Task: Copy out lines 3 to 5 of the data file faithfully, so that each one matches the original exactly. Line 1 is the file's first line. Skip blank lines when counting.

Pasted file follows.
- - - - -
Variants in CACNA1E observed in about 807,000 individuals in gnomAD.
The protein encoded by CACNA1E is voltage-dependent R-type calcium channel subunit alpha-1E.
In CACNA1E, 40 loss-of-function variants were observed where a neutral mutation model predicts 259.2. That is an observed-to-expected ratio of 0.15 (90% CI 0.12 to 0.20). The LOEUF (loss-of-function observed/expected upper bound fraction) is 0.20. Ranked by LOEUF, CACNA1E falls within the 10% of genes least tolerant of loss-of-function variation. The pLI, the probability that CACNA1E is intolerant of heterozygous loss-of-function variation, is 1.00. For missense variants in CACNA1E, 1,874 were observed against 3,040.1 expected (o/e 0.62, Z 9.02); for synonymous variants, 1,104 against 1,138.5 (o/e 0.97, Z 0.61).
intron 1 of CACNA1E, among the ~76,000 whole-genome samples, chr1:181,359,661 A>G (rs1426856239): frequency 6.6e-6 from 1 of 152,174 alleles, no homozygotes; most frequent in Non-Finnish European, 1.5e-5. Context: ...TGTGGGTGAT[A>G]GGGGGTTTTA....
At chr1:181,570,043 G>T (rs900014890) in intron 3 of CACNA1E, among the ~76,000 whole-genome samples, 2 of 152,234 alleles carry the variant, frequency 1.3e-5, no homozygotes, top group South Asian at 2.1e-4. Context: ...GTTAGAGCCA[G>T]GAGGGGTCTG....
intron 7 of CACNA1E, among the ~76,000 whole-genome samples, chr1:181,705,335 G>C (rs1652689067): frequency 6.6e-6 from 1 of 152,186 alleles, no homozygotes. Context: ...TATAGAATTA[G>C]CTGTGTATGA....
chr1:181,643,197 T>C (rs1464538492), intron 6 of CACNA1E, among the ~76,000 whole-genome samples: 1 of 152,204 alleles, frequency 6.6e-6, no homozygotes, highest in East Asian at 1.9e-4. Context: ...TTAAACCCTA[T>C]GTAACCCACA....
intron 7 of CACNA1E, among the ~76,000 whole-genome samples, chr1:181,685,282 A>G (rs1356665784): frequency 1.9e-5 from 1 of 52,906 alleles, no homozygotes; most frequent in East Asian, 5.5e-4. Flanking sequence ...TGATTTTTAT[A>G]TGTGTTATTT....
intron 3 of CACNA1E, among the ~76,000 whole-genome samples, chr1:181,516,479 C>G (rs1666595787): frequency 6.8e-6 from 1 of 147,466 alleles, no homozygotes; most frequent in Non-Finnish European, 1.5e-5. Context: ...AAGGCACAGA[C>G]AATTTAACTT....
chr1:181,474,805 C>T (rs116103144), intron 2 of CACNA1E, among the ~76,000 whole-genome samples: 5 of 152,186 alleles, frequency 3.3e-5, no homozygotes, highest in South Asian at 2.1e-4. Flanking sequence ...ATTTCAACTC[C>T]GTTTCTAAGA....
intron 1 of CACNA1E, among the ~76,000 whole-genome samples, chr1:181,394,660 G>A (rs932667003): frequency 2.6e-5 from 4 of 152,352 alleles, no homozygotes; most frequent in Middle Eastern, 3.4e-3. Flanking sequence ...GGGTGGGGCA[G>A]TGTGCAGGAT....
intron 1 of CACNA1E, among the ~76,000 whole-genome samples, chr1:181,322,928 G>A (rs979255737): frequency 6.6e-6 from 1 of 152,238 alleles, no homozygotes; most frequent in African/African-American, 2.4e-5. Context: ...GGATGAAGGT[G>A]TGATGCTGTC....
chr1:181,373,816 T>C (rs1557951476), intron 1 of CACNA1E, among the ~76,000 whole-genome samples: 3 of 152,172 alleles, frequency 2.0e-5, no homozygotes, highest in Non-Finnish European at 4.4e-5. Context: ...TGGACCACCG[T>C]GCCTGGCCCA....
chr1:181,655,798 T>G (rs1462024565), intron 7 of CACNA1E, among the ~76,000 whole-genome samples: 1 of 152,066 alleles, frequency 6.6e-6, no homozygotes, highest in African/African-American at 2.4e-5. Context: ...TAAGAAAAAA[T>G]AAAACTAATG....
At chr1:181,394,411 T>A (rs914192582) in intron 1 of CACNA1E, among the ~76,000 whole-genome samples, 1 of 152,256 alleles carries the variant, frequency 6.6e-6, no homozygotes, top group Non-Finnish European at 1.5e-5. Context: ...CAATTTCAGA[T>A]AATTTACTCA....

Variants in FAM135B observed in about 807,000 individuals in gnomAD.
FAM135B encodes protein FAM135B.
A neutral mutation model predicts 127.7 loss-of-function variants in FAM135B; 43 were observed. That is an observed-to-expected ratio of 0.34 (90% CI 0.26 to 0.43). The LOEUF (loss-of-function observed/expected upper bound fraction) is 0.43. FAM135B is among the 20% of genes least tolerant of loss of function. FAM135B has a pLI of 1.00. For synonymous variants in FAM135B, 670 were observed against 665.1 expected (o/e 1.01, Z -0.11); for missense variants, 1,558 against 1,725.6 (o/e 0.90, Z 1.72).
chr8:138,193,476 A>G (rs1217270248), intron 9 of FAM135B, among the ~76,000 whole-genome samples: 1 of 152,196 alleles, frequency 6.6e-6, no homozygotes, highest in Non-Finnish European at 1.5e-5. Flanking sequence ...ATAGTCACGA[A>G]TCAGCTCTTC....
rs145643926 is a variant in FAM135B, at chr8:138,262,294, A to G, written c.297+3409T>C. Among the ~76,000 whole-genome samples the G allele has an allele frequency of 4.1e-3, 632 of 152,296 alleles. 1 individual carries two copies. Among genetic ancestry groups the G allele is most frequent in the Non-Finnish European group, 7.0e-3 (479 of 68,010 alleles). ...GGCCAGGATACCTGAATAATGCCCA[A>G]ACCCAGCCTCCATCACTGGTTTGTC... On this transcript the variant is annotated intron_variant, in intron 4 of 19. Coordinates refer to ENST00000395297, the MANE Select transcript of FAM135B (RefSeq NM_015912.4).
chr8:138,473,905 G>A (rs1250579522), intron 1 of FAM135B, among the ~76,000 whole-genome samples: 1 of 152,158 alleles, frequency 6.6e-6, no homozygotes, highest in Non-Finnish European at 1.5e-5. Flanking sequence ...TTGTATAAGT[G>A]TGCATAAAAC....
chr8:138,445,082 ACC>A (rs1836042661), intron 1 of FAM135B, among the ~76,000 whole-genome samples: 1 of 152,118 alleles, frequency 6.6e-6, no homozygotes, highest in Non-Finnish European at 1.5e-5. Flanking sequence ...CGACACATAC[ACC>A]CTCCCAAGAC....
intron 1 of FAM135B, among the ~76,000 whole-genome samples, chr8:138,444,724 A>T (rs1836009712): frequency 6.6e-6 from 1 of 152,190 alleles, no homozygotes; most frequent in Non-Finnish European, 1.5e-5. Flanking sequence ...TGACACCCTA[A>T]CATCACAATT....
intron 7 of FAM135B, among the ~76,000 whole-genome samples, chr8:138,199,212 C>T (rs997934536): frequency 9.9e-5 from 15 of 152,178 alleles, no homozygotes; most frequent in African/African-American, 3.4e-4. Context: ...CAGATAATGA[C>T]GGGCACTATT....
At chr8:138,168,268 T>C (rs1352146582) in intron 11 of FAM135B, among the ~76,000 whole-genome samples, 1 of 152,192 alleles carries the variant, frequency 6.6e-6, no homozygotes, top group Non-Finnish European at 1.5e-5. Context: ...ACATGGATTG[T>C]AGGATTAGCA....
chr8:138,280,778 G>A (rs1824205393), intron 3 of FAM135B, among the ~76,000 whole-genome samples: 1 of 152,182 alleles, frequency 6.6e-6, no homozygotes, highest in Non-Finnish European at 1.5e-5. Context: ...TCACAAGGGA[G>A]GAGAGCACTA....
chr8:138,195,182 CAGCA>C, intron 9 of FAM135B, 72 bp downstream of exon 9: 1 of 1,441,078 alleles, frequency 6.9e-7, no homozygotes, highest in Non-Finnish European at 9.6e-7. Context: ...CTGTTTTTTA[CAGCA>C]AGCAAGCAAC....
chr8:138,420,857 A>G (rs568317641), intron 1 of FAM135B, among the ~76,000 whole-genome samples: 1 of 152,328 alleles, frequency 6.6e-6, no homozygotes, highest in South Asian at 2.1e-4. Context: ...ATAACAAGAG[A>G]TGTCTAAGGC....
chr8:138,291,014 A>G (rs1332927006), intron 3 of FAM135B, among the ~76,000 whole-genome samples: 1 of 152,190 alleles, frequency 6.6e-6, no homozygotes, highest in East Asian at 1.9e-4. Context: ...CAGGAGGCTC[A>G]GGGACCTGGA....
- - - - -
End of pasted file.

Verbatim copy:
In CACNA1E, 40 loss-of-function variants were observed where a neutral mutation model predicts 259.2. That is an observed-to-expected ratio of 0.15 (90% CI 0.12 to 0.20). The LOEUF (loss-of-function observed/expected upper bound fraction) is 0.20. Ranked by LOEUF, CACNA1E falls within the 10% of genes least tolerant of loss-of-function variation. The pLI, the probability that CACNA1E is intolerant of heterozygous loss-of-function variation, is 1.00. For missense variants in CACNA1E, 1,874 were observed against 3,040.1 expected (o/e 0.62, Z 9.02); for synonymous variants, 1,104 against 1,138.5 (o/e 0.97, Z 0.61).
intron 1 of CACNA1E, among the ~76,000 whole-genome samples, chr1:181,359,661 A>G (rs1426856239): frequency 6.6e-6 from 1 of 152,174 alleles, no homozygotes; most frequent in Non-Finnish European, 1.5e-5. Context: ...TGTGGGTGAT[A>G]GGGGGTTTTA....
At chr1:181,570,043 G>T (rs900014890) in intron 3 of CACNA1E, among the ~76,000 whole-genome samples, 2 of 152,234 alleles carry the variant, frequency 1.3e-5, no homozygotes, top group South Asian at 2.1e-4. Context: ...GTTAGAGCCA[G>T]GAGGGGTCTG....